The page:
If the battery is removed from a MacBook or MacBook Pro, the computer will automatically reduce the processor speed. This prevents the computer from shutting down if it demands more power than the A/C adaptor alone can provide.
Apple support article HT2332%

And that’s a good thing, do stay with me, while I talk about battery remove-ness.

In my experience, people will run laptops without batteries for three reasons:

  1. Trying to preserve the life of their battery.
  2. They have a battery which doesn’t hold a charge, aka a dead battery.
  3. Battery + laptop don’t fit into the docking station.

Trying to preserve battery life.
Batteries degrade every time you charge & discharge.  It’s a fact.  So, people remove the battery when they have mains power available.  I wouldn’t do this.  My three-year old T43 ThinkPad never had it’s battery removed, and it’s battery coped just fine.

The battery is dead, Jim.
Sometimes a battery will just up and die on you.  Given OEM replacement batteries are hilariously expensive*, people cope without them.  Gone are the bad old days of Compaq laptops which refused to power up when there was no “good” battery present.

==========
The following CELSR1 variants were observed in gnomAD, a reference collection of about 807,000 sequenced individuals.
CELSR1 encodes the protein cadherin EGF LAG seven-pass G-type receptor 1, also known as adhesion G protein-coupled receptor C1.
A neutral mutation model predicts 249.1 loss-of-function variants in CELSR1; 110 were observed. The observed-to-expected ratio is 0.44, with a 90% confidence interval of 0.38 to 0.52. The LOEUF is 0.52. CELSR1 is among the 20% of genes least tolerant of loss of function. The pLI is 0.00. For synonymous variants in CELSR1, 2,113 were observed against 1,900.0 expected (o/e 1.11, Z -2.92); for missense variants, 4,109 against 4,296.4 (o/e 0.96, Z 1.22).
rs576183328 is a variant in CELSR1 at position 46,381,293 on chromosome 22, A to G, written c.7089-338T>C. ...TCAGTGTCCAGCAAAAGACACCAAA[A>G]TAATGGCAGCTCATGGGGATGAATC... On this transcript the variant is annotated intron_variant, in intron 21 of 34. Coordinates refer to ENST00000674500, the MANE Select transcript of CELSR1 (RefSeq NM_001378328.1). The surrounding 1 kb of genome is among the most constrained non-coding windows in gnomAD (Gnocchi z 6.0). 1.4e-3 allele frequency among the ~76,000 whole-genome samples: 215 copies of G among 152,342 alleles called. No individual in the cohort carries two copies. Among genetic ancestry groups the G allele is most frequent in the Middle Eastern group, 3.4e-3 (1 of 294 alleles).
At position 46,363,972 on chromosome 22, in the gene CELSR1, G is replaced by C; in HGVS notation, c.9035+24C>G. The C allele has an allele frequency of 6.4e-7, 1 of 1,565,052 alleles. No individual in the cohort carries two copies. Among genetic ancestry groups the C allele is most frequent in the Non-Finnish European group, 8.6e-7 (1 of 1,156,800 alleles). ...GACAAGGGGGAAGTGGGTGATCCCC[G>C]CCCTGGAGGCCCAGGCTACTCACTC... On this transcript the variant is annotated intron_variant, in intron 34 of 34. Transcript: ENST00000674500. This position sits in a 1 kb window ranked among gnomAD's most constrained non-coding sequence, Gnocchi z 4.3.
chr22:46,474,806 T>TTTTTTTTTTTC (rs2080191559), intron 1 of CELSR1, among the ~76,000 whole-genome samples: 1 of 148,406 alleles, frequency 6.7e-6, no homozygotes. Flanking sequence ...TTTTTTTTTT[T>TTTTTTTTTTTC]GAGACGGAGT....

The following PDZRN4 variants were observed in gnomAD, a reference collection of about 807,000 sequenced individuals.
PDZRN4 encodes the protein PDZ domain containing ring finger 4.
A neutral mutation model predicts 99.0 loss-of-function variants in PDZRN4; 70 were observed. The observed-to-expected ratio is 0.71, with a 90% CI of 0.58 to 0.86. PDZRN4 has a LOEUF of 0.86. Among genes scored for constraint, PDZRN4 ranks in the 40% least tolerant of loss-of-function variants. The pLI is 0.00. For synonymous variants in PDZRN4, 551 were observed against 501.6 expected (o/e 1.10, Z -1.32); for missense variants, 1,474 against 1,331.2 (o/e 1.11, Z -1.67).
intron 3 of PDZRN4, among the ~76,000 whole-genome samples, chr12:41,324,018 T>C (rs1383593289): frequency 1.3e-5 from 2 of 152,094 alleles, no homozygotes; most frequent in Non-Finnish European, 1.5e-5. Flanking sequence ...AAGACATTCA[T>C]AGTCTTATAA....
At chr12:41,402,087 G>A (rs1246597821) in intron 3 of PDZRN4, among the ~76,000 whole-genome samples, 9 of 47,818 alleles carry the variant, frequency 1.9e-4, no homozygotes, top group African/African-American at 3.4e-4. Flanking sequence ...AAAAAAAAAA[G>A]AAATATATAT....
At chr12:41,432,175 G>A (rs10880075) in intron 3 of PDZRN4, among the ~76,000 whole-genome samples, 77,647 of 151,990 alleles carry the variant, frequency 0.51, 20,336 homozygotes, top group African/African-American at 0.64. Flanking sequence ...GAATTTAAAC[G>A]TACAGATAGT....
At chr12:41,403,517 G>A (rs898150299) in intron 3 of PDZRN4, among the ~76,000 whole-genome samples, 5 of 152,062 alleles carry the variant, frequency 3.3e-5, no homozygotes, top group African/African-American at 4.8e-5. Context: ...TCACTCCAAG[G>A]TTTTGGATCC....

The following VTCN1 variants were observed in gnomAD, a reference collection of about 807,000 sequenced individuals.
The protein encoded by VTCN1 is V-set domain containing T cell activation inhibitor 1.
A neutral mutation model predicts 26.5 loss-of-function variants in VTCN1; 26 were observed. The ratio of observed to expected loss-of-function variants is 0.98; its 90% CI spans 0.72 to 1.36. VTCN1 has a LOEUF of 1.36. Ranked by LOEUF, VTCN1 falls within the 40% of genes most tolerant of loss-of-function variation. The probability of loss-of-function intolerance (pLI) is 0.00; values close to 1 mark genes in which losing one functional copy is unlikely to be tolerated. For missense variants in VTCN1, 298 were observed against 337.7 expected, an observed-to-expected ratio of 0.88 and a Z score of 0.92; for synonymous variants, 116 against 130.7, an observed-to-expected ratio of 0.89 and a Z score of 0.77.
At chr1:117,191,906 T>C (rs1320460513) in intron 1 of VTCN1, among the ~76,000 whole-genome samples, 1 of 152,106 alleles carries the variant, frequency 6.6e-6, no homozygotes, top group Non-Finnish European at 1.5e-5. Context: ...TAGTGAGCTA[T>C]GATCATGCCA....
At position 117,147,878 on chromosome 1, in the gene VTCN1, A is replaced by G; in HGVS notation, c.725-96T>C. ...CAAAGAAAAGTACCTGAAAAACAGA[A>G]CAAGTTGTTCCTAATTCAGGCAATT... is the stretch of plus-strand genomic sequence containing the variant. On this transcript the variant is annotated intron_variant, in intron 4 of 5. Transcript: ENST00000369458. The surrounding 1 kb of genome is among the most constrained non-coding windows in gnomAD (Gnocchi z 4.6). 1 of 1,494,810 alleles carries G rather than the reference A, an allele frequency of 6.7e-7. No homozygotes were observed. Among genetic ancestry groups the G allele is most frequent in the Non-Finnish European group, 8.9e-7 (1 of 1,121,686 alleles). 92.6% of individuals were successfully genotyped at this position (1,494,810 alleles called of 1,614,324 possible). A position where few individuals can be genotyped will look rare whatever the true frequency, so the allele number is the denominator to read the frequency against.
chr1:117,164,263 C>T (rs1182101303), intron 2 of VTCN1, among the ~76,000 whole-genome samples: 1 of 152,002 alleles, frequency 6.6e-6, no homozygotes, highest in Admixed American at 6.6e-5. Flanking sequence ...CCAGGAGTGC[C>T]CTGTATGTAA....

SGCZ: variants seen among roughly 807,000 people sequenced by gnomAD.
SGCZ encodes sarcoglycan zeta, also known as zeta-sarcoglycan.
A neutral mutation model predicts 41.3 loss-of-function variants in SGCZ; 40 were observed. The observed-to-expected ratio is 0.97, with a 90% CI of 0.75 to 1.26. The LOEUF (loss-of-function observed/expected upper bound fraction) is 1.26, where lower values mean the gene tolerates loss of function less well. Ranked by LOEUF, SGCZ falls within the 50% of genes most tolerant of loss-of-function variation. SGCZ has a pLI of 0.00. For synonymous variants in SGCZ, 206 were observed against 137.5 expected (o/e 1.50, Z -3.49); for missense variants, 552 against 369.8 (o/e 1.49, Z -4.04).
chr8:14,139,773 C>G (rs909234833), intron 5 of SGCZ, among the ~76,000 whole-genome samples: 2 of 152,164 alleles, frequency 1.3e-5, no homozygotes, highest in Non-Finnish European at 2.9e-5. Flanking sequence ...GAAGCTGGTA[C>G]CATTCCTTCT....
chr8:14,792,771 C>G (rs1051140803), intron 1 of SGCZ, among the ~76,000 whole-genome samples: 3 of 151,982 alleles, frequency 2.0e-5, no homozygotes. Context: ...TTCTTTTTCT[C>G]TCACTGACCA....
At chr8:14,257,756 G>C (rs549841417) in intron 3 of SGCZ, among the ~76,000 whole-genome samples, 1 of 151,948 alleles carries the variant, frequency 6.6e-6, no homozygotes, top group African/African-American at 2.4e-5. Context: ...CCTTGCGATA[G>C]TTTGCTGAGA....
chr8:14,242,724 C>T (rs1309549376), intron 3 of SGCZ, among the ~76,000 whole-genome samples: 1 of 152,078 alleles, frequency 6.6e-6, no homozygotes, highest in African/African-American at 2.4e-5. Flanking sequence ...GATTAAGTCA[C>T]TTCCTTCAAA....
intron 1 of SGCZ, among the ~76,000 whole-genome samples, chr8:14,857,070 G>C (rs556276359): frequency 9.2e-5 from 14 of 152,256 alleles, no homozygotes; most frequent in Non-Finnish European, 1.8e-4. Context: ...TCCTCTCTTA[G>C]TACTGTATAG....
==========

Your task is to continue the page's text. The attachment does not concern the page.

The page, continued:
Battery + laptop don’t fit into the docking station
My ThinkPad, with the extended life battery, couldn’t be used with a port replicator.  The battery stuck out the back of the laptop too far.  The solution was to remove the battery AND curse IBM whenever the mains power failed.  Or upgrade to the full docking station, with the large power supply.

On the MacBook support article …
The Apple engineer who thought of doing this, is a genius.  To know your subject so well to say “What would happen if a user uses a MacBook without a battery”.

% I’m getting old.  Apple technical information documents used to be called TIDs.

* one popular laptop vendor wanted $300 dollars for a replacement.  If I order an extra battery when buying a new (same model) laptop, the “extra” battery only costs $100.  Go figure.

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